The zone of harmony: The Axen rose part 3

Written by , in category Agile & Scrum

4 May 2016

If you don’t know yet what the axen rose is, please first take a quick look at part 1 and part 2 of this blog series. This way you already know the basics that I will elaborate on in this post.

So next to the zone of conflict (hawk – capricorn) and the zone of removal (owl – turtle) we have a third zone out of which you can communicate, the zone of harmony. This zone consists of the upper half where we focus our communication more on offering and giving, while in the lower half of this zone we focus on accepting and asking.

I would like to reiterate that each communication style, each animal, has it’s time and place and certainly it’s use. So this is not a matter of right and wrong, it is a matter of useful and effective in the current situation.

The lion

In nature the lion is known as the king of the jungle, the animal other animals look up to for guidance and leadership. This is exactly what this communication style is about. While communicating from the lion perspective we give vision, information and guidelines which can then be used by the people we communicate with to follow on their own terms. Giving leadership also means helping to create an environment where others can grow and show their leadership as well. The lion is not perceived as a dictator (benevolent or malevolent), but as a natural leader. Giving just the right amount of guidance while keeping the playing field open for everyone to take up their own personal responsibility.

A nice example of communicating from a lion’s area would be something like “I have a concern about your suggestion to do X. I have experienced in the past that this can lead to behaviour Y. I propose that instead of doing X, we start by doing Z and check if this is good enough for now.”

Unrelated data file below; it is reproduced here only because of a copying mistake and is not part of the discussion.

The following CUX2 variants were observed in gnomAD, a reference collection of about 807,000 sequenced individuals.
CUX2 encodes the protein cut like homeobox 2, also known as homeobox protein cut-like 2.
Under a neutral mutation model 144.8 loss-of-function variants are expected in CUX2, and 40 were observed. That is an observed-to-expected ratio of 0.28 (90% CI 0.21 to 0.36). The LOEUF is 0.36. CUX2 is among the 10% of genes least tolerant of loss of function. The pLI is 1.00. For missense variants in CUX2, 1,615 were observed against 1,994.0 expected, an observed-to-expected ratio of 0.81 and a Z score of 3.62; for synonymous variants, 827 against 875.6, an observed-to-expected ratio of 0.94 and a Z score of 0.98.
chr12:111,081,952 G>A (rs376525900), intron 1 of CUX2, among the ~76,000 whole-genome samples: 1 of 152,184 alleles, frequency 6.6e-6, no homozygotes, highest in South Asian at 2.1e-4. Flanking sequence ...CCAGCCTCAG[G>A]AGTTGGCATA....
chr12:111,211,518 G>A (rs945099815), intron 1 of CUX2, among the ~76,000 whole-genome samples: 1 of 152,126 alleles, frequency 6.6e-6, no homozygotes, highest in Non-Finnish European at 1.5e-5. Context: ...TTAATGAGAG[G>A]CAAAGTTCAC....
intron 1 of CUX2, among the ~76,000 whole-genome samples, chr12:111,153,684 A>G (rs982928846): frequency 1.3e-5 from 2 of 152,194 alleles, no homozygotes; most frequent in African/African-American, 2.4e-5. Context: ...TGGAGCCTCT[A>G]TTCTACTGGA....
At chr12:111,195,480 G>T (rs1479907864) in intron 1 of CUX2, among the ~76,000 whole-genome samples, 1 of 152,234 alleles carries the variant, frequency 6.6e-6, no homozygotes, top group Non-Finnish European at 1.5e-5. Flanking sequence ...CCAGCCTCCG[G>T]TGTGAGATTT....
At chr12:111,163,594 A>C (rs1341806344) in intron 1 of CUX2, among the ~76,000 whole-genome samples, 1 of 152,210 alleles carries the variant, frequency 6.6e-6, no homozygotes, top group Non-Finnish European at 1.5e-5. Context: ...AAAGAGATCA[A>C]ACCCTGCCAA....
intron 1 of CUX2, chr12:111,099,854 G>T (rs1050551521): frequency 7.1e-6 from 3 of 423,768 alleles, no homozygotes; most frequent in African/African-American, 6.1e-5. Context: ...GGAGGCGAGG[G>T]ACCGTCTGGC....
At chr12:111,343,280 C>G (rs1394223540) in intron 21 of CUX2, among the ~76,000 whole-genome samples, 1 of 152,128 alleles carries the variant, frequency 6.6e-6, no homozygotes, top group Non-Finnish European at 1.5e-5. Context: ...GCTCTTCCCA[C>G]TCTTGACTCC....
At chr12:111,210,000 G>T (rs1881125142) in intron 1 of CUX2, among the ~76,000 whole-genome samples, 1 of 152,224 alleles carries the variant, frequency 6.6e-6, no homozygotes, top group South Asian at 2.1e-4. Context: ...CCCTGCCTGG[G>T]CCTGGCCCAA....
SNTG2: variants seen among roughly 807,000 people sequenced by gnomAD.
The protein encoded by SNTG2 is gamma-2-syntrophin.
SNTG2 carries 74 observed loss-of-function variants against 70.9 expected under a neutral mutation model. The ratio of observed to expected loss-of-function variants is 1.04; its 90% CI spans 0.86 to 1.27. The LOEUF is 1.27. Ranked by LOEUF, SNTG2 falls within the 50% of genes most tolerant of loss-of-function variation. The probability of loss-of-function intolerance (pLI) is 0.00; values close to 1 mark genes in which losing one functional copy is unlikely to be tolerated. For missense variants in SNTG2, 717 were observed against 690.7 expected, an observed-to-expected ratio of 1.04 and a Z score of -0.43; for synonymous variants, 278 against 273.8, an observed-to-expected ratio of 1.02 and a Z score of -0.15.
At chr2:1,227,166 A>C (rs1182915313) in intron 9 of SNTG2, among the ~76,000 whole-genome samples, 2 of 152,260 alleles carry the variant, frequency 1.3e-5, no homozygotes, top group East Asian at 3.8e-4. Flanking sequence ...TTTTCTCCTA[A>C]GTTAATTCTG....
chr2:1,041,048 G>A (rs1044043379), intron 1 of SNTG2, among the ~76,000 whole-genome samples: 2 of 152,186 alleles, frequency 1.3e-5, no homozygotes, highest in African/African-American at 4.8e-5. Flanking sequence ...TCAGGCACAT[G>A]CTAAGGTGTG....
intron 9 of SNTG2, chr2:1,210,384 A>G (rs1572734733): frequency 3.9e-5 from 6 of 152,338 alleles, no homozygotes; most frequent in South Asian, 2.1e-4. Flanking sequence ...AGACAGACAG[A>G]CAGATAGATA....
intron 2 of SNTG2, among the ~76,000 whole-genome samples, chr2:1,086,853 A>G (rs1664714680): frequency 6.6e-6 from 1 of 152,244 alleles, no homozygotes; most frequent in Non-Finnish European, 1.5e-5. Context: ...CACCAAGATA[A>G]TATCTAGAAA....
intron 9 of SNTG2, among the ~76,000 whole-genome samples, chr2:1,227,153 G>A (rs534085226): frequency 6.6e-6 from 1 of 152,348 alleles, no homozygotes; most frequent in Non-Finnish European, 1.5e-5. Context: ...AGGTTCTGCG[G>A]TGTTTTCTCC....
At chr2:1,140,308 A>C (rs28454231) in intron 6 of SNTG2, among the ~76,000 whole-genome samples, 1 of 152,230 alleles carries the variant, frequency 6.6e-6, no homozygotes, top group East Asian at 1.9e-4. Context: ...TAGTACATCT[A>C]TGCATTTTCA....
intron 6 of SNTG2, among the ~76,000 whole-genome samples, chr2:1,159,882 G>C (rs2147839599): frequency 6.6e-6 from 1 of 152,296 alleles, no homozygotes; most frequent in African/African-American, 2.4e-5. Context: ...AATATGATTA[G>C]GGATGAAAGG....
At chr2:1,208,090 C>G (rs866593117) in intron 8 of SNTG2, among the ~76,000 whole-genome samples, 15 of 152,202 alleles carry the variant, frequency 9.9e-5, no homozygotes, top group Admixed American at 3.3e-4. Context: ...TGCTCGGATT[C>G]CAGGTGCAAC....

Do keep in mind that when excercising this “leading” style of communication with people that are not used to this, it might lead to fear in others and a perception of you being pushy, bossy and directive. The stronger your message is formulated, the more clear the guidance is you want to give, the more offensive this might be perceived by people who are not ready to follow.

The camel

Nearly impossible to tire, always ready to continue the journey, the camel is an animal which is known for following guidance fairly easily. Communicating from this perspective means to be open minded and ready to accept guidance from other people. You ask for information and guidance and are fully open to accept it when given and ready to work with this new information. Don’t be mistaken, a camel will not blindly follow any order, it is not a mindless zombie (it might even just be the greatest mathmatician in the universe). For me it is very similar to the concept of the beginner’s mind. Communicating in a way that makes other people feel you are ready to integrate the information they share, to follow the guidance they give.

When someone offers you guidance on something you are not experienced in, you might as they say “give them the benefit of the doubt”. Letting go of control and saying “I will follow you in this decision” is a good example of communicating as a camel would.

The beaver

Have you ever seen how beavers take care of their young? And how meticulous their work on damns can be? The beaver here represents the caretaker, offering goods and services to help the people they are communicating with. While communicating from this area, we will focus on helping out and taking care of the others. Making sure they have everything they need to be comfortable in the conversation. This might include such well known things as asking someone if they would like a drink, a snack, a short introduction of the topic at hand. While using this communication style in a healthy way it can be very disarming when meeting new people or opening a difficult conversation. Taking this one too far, could lead to a feeling of pampering which might harm the conversation.